Market reacts to poor food sales at Marston’s as shares drop

Today's results show a sales boost from the recent heatwave as well as predicting full year profits, but the market seems to have ignored these positives

Article updated: 10 October 2018 8:00am Author: Graham Spooner

  • World Cup and warm summer provided 3.2% sales boost at Marston pubs
  • Share price down in reaction to lower food sales but group give full year profit guidance of c. £104m
  • We recommend Marston’s as a ‘buy’ for contrarian investors

A trading update from brewing and pub retail company Marston’s this morning highlighted a boost from the World Cup and warm summer for drinks leading to sales growth at its pubs of 3.2% for the year ended 29 September 2018. Its food operations did not fare as well with customers preferring to stay at home for their food and the shares appear to be reacting to the latter, falling 2.7% in early trading.

Nevertheless, investors should take the positives from this update – including recent signs of an improved performance in the run up to the group’s hugely important Christmas period. There was also news of the group buying 15 pubs from property group Aprirose which will widen its proposition further and most importantly, Marston’s expects underlying profit for the year of around £104m on the back of record revenue.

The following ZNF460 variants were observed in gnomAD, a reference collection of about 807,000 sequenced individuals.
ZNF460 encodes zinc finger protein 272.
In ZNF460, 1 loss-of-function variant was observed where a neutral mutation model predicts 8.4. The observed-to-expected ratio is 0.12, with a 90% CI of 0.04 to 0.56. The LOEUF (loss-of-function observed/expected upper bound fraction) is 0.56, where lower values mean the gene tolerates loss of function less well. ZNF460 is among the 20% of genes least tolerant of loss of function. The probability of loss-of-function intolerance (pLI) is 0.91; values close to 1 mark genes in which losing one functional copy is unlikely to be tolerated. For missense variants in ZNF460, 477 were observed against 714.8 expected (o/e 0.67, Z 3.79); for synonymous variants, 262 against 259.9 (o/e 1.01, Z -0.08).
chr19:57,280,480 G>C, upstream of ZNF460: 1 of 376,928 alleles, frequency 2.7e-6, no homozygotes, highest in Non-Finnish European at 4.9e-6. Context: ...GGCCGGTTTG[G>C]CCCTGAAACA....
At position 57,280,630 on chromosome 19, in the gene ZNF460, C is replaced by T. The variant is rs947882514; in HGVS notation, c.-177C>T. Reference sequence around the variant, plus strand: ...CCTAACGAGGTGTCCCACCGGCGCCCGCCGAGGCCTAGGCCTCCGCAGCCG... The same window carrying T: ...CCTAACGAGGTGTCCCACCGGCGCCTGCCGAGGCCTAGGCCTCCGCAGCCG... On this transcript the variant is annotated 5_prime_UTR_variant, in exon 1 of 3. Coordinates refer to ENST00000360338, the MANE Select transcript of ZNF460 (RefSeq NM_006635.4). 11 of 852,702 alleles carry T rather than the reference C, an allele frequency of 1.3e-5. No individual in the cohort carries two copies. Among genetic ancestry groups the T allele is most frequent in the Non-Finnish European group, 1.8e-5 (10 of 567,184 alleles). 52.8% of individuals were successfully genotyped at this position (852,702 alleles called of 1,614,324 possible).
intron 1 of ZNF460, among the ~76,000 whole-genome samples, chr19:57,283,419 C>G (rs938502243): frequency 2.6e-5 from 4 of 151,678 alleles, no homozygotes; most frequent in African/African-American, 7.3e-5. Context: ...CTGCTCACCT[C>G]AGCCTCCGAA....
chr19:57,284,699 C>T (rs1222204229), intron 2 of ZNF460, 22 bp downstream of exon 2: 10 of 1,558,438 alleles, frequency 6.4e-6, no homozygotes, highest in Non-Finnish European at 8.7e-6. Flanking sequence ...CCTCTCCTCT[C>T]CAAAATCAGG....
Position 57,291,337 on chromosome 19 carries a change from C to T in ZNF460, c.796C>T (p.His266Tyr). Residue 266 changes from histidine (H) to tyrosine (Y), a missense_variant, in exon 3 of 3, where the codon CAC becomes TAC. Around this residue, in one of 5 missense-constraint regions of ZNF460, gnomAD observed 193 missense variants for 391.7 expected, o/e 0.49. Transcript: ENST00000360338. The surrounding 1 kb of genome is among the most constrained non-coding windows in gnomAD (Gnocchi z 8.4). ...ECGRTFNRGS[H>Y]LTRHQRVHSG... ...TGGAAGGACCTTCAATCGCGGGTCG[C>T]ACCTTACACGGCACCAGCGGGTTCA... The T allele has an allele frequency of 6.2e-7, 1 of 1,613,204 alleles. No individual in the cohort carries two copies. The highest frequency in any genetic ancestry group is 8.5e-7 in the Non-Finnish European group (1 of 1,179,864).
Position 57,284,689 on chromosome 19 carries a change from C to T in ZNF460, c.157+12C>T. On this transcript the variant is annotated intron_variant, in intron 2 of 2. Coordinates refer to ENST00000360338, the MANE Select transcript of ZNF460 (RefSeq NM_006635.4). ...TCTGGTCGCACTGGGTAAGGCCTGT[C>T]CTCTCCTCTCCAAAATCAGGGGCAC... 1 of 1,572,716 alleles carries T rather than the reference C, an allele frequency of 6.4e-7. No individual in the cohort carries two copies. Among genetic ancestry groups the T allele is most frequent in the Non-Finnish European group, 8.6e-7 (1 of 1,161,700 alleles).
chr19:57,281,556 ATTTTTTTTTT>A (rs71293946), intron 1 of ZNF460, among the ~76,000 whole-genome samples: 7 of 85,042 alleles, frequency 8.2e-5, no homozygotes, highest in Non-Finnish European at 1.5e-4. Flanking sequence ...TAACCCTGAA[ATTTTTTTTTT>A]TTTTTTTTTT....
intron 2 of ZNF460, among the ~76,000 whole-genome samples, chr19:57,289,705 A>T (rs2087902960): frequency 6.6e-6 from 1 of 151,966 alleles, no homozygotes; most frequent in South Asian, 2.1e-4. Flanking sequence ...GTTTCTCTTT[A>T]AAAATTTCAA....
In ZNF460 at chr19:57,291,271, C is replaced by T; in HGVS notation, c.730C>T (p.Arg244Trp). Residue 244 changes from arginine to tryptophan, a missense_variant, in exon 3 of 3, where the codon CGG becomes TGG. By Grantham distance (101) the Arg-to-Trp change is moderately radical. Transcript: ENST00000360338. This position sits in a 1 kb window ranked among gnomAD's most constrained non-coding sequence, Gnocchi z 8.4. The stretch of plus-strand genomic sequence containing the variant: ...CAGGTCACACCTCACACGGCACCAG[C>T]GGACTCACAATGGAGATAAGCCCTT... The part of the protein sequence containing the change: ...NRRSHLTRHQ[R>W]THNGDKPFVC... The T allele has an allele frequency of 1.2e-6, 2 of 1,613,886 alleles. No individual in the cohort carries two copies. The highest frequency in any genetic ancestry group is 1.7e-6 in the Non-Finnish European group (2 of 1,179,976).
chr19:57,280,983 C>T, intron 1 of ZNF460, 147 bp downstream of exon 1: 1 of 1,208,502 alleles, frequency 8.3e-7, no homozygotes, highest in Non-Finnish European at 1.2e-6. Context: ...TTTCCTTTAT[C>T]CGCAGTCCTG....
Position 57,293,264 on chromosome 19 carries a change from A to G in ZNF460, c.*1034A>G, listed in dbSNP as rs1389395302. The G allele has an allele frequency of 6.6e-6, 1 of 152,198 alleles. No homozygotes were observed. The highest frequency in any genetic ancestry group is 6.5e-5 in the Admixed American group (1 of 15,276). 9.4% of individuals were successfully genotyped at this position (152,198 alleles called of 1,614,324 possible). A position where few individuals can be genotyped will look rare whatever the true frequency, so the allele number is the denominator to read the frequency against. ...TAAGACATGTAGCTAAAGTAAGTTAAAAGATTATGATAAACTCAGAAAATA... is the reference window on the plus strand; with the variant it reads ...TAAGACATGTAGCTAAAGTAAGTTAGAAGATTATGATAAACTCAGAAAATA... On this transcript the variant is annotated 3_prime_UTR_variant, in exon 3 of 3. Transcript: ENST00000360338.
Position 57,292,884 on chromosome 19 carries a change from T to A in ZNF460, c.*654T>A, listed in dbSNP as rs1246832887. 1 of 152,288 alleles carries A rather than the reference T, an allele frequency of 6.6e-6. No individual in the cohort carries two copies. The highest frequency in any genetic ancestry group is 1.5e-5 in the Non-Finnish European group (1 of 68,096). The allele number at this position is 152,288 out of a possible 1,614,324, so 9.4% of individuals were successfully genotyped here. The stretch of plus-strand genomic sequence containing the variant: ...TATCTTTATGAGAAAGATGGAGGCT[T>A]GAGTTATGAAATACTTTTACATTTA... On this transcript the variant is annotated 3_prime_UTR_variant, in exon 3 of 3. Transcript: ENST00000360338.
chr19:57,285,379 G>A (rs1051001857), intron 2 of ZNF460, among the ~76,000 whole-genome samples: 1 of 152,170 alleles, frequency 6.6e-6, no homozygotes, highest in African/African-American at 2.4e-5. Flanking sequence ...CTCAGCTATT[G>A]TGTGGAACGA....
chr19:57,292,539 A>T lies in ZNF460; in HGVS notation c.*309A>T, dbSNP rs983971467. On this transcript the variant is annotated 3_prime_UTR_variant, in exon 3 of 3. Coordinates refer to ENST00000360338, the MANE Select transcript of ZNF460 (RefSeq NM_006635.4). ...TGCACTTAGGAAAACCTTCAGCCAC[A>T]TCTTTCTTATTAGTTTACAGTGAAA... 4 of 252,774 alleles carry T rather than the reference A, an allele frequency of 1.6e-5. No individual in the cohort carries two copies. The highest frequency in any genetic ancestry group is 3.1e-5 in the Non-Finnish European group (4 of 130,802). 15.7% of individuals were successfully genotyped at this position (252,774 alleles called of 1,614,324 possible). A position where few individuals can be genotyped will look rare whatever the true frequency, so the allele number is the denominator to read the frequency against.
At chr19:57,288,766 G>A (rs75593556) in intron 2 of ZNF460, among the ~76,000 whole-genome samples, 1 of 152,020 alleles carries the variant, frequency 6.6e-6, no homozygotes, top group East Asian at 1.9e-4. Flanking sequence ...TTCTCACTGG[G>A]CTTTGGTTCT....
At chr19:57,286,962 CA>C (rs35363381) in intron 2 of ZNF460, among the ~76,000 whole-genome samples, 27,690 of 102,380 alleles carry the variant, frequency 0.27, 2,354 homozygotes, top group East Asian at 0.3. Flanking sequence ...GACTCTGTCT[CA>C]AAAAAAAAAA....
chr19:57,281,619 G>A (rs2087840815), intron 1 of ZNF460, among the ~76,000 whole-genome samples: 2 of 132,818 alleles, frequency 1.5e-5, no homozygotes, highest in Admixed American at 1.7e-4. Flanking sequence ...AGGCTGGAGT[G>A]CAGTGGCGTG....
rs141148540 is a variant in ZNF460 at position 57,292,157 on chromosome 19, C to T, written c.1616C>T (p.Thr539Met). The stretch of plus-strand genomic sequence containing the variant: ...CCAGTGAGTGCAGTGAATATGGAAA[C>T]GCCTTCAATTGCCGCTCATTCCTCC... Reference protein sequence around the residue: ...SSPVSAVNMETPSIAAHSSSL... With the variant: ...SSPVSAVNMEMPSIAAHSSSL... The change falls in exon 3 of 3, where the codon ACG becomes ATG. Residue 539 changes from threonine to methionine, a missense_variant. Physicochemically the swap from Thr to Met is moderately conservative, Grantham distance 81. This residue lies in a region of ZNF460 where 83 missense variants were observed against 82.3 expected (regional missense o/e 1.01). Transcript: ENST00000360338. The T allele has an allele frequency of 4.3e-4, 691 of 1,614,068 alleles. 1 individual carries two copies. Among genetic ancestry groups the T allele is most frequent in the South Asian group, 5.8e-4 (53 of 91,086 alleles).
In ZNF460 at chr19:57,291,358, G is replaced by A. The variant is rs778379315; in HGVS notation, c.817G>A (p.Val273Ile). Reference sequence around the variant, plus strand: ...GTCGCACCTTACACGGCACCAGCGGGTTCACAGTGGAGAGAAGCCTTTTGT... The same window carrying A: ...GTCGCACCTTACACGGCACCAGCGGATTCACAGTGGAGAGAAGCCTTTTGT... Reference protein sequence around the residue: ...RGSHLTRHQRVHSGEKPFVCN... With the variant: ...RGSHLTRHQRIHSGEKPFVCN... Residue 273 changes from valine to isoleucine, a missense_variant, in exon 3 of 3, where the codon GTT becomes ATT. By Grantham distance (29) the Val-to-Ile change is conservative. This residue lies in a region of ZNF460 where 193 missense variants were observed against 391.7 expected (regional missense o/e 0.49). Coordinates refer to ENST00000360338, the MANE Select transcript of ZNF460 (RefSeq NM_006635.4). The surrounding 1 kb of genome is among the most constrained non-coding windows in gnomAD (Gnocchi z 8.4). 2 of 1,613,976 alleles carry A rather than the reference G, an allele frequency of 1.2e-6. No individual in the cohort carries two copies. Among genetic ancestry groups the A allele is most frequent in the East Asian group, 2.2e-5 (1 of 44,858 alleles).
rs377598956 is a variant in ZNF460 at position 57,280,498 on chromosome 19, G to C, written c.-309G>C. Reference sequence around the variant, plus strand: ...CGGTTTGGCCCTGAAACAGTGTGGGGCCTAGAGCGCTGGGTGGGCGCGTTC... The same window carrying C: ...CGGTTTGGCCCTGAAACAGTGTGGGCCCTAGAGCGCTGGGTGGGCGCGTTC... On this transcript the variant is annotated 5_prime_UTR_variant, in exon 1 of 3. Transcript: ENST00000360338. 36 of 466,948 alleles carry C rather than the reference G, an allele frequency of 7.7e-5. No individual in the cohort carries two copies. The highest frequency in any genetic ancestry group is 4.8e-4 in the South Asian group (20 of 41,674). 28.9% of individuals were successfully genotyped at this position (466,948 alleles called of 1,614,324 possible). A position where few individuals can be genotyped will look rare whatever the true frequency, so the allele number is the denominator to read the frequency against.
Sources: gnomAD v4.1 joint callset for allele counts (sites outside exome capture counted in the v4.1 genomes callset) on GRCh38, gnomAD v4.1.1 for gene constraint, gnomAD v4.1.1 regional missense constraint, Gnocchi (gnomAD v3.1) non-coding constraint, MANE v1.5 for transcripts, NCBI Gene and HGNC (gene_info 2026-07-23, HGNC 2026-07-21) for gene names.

The reaction of the share price today reflects the lower food sales (where margins are higher), which the group have been  growing in recent years in order to provide a better balance to the business and cater for families who want to eat out. There’s no escaping that the sector has been under significant pressure as a result of competition, changing customer demands, increase in minimum wage and food inflation.

Regardless, we maintain our ‘buy' recommendation due to the group's continued expansion and progressive dividend policy. However, the uncertainty around the UK economic outlook in the short term means this remains a contrarian stock and more suitable for medium to high risk investors with an income bias.


All information given including prices, yields and our opinion is correct at the time of publication. Our opinions on investments can change at any time and for our latest view please go to www.share.com. To understand how our Investment research team arrive at their views please read our Investment Research Policy.

Graham Spooner portrait photo
Graham Spooner

Investment Research Analyst

Graham started out as a fully authorised dealer on the Stock Exchange trading floor and for various banks, before becoming an FSA-approved investment adviser. Now a respected voice in the media, Graham’s share tips and comments on the markets are frequently sought by the national press.